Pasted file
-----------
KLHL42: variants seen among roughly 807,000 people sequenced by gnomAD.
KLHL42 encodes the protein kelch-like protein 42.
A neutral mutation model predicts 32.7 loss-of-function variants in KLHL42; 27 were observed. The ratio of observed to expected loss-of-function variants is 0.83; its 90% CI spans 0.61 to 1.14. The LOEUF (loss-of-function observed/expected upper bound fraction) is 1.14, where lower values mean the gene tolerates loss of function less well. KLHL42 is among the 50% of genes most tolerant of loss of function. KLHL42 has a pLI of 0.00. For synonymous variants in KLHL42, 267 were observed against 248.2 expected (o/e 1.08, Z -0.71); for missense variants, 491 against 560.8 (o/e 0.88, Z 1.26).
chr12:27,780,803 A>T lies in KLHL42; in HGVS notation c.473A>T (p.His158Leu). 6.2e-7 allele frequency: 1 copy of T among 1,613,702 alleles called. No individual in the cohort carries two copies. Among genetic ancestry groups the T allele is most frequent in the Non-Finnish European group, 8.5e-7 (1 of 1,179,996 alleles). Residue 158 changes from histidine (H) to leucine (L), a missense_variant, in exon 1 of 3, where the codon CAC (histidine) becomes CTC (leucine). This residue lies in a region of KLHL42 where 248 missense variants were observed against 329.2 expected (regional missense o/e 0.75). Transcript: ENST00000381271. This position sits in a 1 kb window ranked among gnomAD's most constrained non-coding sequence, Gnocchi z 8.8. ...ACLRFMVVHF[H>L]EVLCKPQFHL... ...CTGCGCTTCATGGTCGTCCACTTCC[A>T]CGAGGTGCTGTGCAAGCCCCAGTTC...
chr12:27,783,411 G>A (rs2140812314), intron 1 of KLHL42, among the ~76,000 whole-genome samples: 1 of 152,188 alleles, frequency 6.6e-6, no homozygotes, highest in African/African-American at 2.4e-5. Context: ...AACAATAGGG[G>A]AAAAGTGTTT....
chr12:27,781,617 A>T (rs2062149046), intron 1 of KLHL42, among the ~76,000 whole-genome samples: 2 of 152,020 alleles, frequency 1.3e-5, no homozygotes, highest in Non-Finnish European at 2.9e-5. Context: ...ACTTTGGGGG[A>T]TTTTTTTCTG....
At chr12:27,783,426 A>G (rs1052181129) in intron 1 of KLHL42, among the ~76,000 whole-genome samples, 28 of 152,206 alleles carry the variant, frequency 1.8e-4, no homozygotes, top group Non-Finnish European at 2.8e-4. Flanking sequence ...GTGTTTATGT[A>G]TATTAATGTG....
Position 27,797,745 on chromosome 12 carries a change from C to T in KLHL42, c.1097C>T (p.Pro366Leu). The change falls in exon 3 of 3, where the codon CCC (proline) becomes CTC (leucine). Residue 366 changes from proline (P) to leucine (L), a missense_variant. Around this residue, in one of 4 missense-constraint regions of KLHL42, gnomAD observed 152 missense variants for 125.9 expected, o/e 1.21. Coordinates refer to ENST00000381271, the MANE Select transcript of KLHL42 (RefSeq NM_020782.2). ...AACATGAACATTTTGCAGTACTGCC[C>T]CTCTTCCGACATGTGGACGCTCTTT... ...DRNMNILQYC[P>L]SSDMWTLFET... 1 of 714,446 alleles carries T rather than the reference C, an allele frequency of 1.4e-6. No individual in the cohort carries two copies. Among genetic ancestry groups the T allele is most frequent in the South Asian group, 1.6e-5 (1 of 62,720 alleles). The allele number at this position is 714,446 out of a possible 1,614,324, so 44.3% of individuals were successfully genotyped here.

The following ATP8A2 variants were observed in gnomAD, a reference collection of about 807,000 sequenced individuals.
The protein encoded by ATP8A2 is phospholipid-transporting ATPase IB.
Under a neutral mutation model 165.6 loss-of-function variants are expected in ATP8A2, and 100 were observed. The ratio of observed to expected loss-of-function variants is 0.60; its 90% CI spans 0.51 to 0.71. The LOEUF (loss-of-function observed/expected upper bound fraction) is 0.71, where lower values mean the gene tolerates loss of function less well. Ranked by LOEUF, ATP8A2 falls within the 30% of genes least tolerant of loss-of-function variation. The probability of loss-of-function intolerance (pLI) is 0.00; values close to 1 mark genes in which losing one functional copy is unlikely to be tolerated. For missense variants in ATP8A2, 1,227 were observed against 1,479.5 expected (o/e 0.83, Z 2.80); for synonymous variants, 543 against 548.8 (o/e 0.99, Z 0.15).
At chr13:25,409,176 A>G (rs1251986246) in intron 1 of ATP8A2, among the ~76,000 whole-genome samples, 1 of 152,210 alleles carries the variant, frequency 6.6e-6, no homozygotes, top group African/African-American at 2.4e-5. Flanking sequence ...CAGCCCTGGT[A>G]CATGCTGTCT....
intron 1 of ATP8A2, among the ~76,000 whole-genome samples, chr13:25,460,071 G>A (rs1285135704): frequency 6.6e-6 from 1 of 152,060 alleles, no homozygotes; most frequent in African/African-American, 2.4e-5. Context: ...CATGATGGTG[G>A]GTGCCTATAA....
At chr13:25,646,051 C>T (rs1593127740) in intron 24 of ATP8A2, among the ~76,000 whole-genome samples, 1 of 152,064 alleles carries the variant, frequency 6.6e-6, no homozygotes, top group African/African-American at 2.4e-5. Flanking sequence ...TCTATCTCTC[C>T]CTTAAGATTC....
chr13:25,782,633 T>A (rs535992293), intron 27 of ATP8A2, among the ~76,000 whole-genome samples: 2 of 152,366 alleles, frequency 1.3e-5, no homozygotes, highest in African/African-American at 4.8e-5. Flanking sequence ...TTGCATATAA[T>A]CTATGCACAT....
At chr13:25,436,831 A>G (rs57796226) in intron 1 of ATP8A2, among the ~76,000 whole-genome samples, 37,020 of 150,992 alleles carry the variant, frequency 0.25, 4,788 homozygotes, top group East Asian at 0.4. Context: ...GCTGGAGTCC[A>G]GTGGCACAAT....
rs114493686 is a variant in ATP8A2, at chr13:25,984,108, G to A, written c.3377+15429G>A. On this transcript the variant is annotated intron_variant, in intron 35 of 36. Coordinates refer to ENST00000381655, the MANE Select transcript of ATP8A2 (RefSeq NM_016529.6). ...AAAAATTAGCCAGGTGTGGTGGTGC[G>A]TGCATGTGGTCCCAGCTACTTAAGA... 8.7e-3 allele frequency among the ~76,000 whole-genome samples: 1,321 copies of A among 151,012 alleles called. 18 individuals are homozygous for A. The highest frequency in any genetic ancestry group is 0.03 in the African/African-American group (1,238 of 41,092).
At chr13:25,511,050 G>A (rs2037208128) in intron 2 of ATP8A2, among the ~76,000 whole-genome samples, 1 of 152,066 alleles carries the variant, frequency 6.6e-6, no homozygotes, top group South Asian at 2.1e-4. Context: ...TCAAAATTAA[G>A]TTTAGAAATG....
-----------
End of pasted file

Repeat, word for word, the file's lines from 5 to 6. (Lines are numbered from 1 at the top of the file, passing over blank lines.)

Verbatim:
chr12:27,783,411 G>A (rs2140812314), intron 1 of KLHL42, among the ~76,000 whole-genome samples: 1 of 152,188 alleles, frequency 6.6e-6, no homozygotes, highest in African/African-American at 2.4e-5. Context: ...AACAATAGGG[G>A]AAAAGTGTTT....
chr12:27,781,617 A>T (rs2062149046), intron 1 of KLHL42, among the ~76,000 whole-genome samples: 2 of 152,020 alleles, frequency 1.3e-5, no homozygotes, highest in Non-Finnish European at 2.9e-5. Context: ...ACTTTGGGGG[A>T]TTTTTTTCTG....